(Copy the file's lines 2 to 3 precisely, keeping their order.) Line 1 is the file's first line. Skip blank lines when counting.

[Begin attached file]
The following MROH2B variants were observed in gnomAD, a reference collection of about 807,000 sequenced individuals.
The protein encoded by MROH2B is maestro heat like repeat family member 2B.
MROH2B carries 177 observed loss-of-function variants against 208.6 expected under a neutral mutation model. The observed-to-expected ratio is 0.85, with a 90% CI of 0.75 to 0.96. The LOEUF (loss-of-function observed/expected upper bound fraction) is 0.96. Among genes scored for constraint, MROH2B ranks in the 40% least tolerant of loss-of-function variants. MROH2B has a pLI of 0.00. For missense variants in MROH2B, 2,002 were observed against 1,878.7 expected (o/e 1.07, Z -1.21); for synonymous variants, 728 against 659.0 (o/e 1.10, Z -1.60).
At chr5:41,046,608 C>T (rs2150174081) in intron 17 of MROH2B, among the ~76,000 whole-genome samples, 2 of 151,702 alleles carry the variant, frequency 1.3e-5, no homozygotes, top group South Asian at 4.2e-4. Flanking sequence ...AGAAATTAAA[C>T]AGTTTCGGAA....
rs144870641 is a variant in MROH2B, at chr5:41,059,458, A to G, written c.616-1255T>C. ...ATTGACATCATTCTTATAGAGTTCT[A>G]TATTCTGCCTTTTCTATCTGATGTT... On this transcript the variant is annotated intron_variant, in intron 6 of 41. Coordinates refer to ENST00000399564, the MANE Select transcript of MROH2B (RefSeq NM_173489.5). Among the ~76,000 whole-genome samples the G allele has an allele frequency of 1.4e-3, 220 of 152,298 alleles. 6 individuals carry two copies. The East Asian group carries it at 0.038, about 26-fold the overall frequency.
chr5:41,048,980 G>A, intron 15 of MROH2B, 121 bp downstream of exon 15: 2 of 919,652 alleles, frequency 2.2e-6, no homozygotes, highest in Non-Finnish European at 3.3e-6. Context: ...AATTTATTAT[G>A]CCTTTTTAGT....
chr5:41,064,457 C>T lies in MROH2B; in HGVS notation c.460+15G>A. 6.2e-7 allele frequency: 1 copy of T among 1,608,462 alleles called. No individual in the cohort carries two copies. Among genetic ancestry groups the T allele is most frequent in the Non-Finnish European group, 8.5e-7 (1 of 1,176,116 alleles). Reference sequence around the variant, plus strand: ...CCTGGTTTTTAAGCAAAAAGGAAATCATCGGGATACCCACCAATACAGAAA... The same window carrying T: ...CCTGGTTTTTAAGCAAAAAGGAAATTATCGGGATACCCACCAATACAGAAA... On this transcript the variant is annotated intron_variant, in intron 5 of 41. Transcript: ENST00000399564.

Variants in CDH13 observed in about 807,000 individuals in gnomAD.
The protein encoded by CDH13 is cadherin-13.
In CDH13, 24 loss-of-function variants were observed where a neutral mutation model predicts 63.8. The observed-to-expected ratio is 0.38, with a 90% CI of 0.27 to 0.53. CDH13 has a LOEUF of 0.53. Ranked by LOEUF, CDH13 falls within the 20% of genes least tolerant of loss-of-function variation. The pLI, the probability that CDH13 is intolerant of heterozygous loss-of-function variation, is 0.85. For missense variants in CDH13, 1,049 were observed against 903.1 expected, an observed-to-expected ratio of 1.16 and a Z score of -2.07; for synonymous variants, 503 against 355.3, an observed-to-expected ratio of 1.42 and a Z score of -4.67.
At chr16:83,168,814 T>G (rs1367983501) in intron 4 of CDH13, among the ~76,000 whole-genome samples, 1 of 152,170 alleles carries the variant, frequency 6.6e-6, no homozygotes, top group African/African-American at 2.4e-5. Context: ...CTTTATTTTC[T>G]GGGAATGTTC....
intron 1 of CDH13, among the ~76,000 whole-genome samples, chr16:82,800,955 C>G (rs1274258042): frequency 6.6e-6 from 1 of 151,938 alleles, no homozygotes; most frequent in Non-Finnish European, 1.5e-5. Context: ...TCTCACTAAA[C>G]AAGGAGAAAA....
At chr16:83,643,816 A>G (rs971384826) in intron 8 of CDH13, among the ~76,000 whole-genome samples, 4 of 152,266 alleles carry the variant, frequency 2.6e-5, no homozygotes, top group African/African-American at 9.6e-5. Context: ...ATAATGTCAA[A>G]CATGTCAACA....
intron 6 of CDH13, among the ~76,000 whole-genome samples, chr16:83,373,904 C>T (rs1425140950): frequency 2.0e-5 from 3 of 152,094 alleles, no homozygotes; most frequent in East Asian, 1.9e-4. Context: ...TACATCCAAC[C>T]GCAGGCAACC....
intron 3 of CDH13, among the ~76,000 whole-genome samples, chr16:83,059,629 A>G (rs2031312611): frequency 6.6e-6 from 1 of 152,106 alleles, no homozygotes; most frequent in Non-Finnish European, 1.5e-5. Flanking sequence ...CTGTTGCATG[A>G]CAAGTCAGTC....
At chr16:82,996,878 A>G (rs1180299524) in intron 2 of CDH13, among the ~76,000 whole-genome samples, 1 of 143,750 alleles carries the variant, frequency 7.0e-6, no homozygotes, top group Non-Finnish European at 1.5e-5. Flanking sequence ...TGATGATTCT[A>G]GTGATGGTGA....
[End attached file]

The protein encoded by MROH2B is maestro heat like repeat family member 2B.
MROH2B carries 177 observed loss-of-function variants against 208.6 expected under a neutral mutation model. The observed-to-expected ratio is 0.85, with a 90% CI of 0.75 to 0.96. The LOEUF (loss-of-function observed/expected upper bound fraction) is 0.96. Among genes scored for constraint, MROH2B ranks in the 40% least tolerant of loss-of-function variants. MROH2B has a pLI of 0.00. For missense variants in MROH2B, 2,002 were observed against 1,878.7 expected (o/e 1.07, Z -1.21); for synonymous variants, 728 against 659.0 (o/e 1.10, Z -1.60).